And not only the long-eared and short-sighted fall upon their knees! Ah! even in your ears, you great souls, it whispers its gloomy lies! Ah! it finds out the rich hearts which willingly lavish themselves! Yes, it finds you out too, you conquerors of the old God! Weary you became of the conflict, and now your weariness serves the new idol! Heroes and honorable ones, it would rather set up around it, the new idol! Gladly it basks in the sunshine of good consciences, — the cold monster!
Everything will it give you, if you worship it, the new idol: thus it purchases the gleam of your virtue, and the glance of your proud eyes. It seeks to allure by means of you, the many-too-many! Yes, a hellish artifice has here been devised, a death-horse jingling with the trappings of divine honors! Yes, a dying for many has here been devised, which glorifies itself as life: truly, a hearty service to all preachers of death! The state, I call it, where all are poison-drinkers, the good and the bad: the state, where all lose themselves, the good and the bad: the state, where the slow suicide of all — is called “life.” Just see these superfluous ones! They steal the works of the inventors and the treasures of the wise. Culture, they call their theft — and everything becomes sickness and trouble to them! Just see these superfluous ones! Sick are they always; they vomit their bile and call it a newspaper. They devour one another, and cannot even digest themselves. Just see these superfluous ones! Wealth they acquire and become poorer thereby. Power they seek for, and above all, the lever of power, much money — these impotent ones! See them clamber, these nimble apes! They clamber over one another, and thus scuffle into the mud and the abyss. Towards the throne they all strive: it is their madness — as if happiness sat on the throne! Often sits filth on the throne. — and often also the throne on filth. Madmen they all seem to me, and clambering apes, and too eager. Badly smells their idol to me, the cold monster: badly they all smell to me, these idolaters.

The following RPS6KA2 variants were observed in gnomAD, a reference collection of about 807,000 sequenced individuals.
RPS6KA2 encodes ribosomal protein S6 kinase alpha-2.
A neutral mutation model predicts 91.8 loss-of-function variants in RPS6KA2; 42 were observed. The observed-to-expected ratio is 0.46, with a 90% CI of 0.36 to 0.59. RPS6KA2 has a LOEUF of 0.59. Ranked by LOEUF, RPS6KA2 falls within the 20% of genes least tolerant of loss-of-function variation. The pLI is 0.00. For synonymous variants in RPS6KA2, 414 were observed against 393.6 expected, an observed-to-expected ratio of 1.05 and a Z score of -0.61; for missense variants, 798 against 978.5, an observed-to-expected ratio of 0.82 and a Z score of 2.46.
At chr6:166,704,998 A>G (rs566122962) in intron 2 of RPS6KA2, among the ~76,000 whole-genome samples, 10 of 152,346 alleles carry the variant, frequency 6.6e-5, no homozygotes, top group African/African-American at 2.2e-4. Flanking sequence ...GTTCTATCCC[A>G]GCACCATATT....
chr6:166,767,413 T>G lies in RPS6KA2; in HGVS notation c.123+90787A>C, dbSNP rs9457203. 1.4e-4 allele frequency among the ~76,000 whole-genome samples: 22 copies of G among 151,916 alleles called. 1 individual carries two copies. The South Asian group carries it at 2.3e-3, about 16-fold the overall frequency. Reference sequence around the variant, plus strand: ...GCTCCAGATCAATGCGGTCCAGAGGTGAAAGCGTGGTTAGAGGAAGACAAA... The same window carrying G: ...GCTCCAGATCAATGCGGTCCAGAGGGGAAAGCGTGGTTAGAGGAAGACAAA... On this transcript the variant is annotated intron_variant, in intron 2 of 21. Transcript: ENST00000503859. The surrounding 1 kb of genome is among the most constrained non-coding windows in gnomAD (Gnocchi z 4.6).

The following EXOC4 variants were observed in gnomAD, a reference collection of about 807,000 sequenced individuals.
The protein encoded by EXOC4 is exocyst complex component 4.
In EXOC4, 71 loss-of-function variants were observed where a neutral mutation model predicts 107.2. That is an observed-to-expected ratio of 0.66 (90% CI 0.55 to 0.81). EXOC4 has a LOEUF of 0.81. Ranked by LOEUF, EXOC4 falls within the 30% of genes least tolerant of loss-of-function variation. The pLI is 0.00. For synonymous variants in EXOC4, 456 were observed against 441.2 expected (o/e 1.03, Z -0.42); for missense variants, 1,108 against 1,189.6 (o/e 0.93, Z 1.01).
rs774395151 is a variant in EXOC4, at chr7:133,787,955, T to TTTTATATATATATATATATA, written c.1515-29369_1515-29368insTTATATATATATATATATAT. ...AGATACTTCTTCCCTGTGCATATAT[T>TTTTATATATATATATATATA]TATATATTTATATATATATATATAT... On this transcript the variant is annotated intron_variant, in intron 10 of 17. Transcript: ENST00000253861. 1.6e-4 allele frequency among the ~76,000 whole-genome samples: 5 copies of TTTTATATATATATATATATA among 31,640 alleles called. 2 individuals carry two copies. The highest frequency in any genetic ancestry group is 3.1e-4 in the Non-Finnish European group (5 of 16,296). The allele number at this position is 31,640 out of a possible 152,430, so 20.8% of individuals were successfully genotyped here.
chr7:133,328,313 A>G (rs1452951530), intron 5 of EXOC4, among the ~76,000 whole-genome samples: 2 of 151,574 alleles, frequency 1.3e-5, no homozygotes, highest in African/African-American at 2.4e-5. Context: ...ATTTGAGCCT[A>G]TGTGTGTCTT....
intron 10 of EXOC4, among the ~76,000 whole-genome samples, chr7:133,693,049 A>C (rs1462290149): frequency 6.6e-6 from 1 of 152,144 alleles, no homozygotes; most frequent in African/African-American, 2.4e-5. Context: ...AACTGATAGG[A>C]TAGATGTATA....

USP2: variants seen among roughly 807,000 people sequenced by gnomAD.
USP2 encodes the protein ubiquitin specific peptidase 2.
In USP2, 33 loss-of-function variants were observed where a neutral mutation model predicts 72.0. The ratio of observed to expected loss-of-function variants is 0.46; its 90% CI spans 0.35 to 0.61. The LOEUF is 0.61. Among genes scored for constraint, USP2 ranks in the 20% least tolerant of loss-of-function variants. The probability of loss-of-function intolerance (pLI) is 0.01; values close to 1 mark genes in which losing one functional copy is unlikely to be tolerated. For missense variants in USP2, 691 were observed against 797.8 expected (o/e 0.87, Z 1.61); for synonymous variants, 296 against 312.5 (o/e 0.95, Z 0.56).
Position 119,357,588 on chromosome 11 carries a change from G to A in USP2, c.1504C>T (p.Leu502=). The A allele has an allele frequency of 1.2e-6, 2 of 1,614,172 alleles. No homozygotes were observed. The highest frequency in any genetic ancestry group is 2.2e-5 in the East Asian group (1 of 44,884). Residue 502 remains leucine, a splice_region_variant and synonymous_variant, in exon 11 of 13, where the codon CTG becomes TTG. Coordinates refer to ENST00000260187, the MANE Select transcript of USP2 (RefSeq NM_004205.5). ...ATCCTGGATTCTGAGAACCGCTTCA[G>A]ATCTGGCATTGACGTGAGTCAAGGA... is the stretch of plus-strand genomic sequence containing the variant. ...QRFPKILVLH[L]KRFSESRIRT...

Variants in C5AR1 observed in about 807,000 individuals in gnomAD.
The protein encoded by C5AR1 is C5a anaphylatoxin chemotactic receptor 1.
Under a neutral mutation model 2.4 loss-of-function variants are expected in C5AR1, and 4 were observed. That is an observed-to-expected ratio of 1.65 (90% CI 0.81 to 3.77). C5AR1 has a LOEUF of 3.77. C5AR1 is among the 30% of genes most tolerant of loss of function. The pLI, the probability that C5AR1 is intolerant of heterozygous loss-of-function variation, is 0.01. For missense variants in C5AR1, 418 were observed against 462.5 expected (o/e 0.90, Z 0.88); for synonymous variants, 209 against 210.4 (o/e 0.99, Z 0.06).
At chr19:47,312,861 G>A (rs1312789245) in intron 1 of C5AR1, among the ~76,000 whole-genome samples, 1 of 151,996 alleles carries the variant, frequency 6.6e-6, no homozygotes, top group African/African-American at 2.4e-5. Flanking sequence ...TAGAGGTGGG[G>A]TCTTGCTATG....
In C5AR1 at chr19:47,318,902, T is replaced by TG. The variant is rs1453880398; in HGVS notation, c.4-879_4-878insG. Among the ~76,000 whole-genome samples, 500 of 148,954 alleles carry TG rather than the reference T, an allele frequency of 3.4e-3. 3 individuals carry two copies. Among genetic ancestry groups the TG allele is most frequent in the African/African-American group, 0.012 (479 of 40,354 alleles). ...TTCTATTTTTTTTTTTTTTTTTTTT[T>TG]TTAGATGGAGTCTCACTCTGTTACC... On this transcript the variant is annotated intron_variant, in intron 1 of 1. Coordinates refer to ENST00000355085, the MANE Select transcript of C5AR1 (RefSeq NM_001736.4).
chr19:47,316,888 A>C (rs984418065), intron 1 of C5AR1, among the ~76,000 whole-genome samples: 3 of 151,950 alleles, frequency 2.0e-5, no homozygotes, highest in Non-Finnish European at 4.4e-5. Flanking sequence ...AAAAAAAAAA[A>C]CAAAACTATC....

Nietzsche see the masses worshiping the state as the new idol, and the state promises them prosperity and the good life if they confine, and stick to its rules, regulations and morality. But everything given by the state is stolen, the state is nothing but a thief, a thief that expects praise for its theft, thief of the most disgusting kind. The state knows that human beings are corruptible and willing to give up everything in exchange for power. The state creates idols and deems them honorable, idols that are not worthy of honor at all. The state elevates the dying for its sake as an honorable act, the most honorable act and calls those who are willing to give up their lives for it ‘heroes’ and men of honor, men worthy of the highest form of praise. In this sense, the state is a preacher of death, and despiser of life.
My brothers, will you suffocate in the fumes of their snouts and appetites! Better break the windows and jump into the open air! Go away from the bad odor! Withdraw from the idolatry of the superfluous! Go away from the bad odor! Withdraw from the steam of these human sacrifices! Open still remains the earth for great souls. There are still many empty seats for the lonesome and the twosome, fanned by the fragrance of silent seas. Open still remains a free life for great souls. Truly, he who possesses little is so much the less possessed: praised be a little poverty! There, where the state ceases — there only commences the man who is not superfluous: there commences the song of the necessary ones, the single and irreplaceable melody. There, where the state ceases — pray look there, my brothers! Do you not see it, the rainbow and the bridges of the overman? — Thus spoke Zarathustra.
Nietzsche talks preaches against the state, and warns people of its destructive nature and the bleak outcome of becoming a slave and worshiper of this idol. The last part of this passage is quite strong and prophetic, in which Nietzsche states clearly, when the state exists, we all perish, and when it ceases to exist, the road to the Übermensch begins.